While the European folk traditions connected with Saint Valentine and St. Valentine’s Day have become marginalized by the modern Anglo-American customs connecting the day with romantic love, there are some remaining associations connecting the saint with the advent of spring. The day was first associated with romantic love in the circle of Geoffrey Chaucer in the High Middle Ages, when the tradition of courtly love flourished. In 18th-century England, it evolved into an occasion in which lovers expressed their love for each other by presenting flowers, offering confectionery, and sending greeting cards.
In 1797, a British publisher issued The Young Man’s Valentine Writer, which contained scores of suggested sentimental verses for the young lover unable to compose his own. Printers had already begun producing a limited number of cards with verses and sketches, called “mechanical valentines,” and a reduction in postal rates in the next century ushered in the less personal but easier practice of mailing Valentines. That, in turn, made it possible for the first time to exchange cards anonymously, which is taken as the reason for the sudden appearance of racy verse in an era otherwise prudishly Victorian. Paper Valentines became so popular in England in the early 19th century that they were assembled in factories. Fancy Valentines were made with real lace and ribbons, with paper lace introduced in the mid-19th century. In 1835, 60,000 Valentine cards were sent by post in Britain, despite postage being expensive.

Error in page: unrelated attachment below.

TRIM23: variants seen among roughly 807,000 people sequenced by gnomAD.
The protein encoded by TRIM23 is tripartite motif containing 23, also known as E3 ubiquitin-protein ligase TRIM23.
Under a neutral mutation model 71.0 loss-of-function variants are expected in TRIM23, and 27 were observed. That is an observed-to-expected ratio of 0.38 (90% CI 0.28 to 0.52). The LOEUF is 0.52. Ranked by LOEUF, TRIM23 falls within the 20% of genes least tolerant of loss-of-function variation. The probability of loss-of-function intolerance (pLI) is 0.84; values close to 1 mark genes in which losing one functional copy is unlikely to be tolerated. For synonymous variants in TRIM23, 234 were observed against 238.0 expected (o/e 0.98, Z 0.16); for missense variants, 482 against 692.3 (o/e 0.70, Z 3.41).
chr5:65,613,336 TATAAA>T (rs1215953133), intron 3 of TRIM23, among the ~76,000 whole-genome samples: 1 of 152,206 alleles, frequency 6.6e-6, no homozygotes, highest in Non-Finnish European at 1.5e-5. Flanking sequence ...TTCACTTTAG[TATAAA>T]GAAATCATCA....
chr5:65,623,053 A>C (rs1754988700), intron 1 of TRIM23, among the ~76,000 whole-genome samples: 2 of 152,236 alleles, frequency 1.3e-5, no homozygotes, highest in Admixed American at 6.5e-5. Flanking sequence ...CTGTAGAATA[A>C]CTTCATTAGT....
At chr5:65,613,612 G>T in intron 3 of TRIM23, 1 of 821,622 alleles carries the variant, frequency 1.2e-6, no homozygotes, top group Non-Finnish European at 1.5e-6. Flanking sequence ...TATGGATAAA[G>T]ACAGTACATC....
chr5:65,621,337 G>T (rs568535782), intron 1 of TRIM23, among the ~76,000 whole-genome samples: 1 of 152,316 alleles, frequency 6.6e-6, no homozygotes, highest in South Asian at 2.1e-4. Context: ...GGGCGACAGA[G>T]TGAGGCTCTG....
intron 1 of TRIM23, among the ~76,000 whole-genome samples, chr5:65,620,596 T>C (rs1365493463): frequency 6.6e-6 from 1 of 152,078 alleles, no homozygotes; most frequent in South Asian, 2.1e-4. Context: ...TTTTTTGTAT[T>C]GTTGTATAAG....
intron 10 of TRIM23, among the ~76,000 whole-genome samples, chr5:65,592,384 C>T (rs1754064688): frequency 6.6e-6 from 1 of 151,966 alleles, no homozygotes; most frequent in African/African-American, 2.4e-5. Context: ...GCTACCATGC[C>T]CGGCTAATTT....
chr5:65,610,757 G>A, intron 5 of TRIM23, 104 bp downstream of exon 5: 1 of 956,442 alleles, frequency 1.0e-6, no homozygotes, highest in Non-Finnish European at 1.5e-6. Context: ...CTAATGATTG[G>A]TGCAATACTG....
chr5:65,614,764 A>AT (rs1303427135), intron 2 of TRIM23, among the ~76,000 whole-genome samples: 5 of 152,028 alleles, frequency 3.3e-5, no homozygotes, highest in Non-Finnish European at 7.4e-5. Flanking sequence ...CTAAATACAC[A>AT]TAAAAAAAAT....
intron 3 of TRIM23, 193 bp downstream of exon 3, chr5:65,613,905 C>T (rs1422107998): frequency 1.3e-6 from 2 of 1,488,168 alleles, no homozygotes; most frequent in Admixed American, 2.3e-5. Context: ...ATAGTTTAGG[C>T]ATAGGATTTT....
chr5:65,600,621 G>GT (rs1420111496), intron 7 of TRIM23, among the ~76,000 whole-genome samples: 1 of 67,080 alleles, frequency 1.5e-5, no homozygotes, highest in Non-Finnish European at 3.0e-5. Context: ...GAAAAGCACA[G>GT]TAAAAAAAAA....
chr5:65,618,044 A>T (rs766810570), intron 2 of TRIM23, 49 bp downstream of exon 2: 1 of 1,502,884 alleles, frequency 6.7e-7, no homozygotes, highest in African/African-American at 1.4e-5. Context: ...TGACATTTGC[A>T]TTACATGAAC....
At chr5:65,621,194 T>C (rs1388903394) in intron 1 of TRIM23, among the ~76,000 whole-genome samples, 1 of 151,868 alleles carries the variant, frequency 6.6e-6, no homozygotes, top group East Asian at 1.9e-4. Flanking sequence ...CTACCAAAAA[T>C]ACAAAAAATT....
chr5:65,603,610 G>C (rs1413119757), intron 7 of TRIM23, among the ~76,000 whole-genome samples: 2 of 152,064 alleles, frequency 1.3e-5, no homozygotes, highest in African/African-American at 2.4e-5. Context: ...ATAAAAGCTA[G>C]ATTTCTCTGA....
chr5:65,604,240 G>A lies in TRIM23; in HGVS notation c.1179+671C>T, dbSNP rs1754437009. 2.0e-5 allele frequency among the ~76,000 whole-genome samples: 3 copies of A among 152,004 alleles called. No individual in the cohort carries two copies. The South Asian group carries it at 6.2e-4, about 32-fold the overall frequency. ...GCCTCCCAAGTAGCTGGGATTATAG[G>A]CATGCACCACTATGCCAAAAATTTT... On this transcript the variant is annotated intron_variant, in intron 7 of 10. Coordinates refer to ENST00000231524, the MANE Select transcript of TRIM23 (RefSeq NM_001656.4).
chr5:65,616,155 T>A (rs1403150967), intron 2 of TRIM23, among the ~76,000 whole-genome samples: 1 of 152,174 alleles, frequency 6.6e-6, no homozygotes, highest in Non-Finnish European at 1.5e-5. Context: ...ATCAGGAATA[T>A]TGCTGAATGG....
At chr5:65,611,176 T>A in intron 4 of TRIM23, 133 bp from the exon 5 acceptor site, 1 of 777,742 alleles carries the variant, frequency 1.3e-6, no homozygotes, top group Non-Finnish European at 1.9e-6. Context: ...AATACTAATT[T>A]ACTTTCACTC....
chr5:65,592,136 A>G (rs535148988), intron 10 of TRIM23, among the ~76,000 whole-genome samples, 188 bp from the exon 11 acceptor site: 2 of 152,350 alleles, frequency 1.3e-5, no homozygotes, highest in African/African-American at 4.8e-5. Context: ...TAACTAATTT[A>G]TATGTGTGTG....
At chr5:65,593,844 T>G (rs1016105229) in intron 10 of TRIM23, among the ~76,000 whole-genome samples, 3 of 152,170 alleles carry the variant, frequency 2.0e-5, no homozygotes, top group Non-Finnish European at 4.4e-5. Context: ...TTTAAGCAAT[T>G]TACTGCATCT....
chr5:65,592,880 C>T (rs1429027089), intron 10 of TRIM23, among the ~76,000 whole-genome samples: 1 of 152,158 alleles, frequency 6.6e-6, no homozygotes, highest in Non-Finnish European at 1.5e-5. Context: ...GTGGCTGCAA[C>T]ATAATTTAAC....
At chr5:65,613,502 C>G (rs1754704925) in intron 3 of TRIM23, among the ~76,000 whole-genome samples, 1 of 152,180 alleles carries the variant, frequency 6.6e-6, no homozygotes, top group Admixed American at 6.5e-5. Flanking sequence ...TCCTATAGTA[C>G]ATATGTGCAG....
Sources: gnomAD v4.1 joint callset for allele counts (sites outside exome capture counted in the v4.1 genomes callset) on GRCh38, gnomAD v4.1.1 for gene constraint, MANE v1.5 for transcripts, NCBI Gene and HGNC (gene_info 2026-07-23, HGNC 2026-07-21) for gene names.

In the United States, the first mass-produced valentines of embossed paper lace were produced and sold shortly after 1847. Eventually, the tradition made its way to the New World. The industrial revolution ushered in factory-made cards in the 19th century. And in 1913, Hallmark Cards of Kansas City, Mo., began mass producing valentines. February has not been the same since.
Today, Saint Valentine’s Day is an official feast day in the Anglican Communion, as well as in the Lutheran Church. The Eastern Orthodox Church also celebrates Saint Valentine’s Day, on July 6 and July 30, the former date in honor of the Roman Saint Valentine, and the latter date in honor of Hieromartyr Valentine, the Bishop of Interamna. In Brazil, the Dia de São Valentim is recognized on June 12.